Using the press as our guide through the past we’ll set the stage with Kawasaki’s Z1-R, released and widely tested late in 1977. Given its performance reputation, it isn’t ironic that Kawasaki would start and end 1978 with a similar emphasis. Crowned ‘The King’ by Cycle magazine early in the decade, Kawasaki’s 903 and 1015cc DOHC fours became the basis of a worldwide fraternity of riders, racers and builders – a position they would not relinquish. Truly an iconic line that’s still formidable…if not unaffordable. In this work we present the bikes of 1978 in the same order as Cycle (and its print media colleagues) tested them, followed by a Euro alternative. Many of the images used here come from period adverts or press samples saved through the years. Some salvaged from scraps but worth the effort for getting an accurate look at a range of motorcycles often modified. What was the best of motorcycling’s best ever year? Read on…
Yamaha XS-Eleven – 1102cc, 5-speed, shaft. 11.82 @ 115-mph, 602-lb, 136-mph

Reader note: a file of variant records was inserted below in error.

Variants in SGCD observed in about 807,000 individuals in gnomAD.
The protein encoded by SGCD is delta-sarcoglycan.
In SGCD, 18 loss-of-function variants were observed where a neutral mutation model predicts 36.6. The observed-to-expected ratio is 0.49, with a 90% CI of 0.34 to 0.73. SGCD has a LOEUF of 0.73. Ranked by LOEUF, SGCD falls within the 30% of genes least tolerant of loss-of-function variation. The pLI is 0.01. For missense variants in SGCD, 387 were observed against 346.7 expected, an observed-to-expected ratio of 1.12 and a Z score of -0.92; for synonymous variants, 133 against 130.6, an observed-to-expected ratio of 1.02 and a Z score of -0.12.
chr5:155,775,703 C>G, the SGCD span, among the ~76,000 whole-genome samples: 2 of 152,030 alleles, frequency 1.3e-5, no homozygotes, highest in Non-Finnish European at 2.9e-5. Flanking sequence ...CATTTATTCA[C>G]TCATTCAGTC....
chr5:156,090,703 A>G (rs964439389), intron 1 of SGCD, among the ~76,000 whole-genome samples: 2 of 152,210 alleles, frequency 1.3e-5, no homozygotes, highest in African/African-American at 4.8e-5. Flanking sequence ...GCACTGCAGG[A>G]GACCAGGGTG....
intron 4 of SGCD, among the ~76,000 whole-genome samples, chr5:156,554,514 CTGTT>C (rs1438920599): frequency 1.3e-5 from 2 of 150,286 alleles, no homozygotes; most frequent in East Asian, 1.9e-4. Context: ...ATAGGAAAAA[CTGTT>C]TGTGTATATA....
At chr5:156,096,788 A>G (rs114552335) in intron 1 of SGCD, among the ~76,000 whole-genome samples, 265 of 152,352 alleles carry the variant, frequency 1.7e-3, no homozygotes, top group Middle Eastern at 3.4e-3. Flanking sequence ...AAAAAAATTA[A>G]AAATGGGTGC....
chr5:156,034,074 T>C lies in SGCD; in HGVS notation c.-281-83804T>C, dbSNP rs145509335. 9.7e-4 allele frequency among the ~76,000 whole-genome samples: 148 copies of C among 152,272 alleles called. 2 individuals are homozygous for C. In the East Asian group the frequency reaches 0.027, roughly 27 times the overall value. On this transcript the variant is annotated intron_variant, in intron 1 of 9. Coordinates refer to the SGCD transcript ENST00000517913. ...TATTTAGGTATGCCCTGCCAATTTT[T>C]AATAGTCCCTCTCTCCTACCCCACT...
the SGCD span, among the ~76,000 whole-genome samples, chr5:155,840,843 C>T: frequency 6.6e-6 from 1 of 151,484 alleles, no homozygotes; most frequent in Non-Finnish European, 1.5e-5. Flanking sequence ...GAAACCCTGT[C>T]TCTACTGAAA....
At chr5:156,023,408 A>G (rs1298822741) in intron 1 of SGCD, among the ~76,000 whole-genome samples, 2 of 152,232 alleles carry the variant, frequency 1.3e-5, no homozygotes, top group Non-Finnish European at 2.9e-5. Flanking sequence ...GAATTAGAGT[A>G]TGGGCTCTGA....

Brawny and brutish, Yamaha’s big Eleven burst into the new year with a blaze of horsepower and fury. Brilliantly cloaked in adverts published just prior to release, Yamaha hoped its position as Japan’s leading two-stroke specialist would carry over to the arena of open class superbikes. By all measures the XS-Eleven succeeded, selling well and gaining scores of faithful owners as a tough, versatile pavement scorcher
Like Suzuki, Yamaha introduced a new four-stroke 750 two years before – the Yammie being a shaft-driven DOHC triple with very similar styling. Laid out conventionally as an across-the-frame four, the all new Eleven featured a full cradle in steel tube with 29.5-degrees of rake and tapered roller bearings on its twin shock swingarm. Four 34mm Mikuni CV carburetors and a transistor ignition fed the engine, renown for its smooth and prodigious torque. Leading with angular styling, Yamaha prominently mixed broad radius with the Eleven’s boxy lights and instrument panel. Still memorable, capable, and more handsome than ever.
What they said then: “It now becomes clear that in Yamaha’s fight for a larger share of the highway market, the XS750 triple was only a left hook. Now, they’ve delivered a genuine knockout; their new XS11 four, and in the model we have the new King of Superbikes. The long-reigning Z1, though certainly not grown soft with age, has been decisively dethroned. Equally important, with the Yamaha Eleven’s arrival we have an expanded standard by which such machines henceforth must be judged.” (Cycle Magazine, January 1978)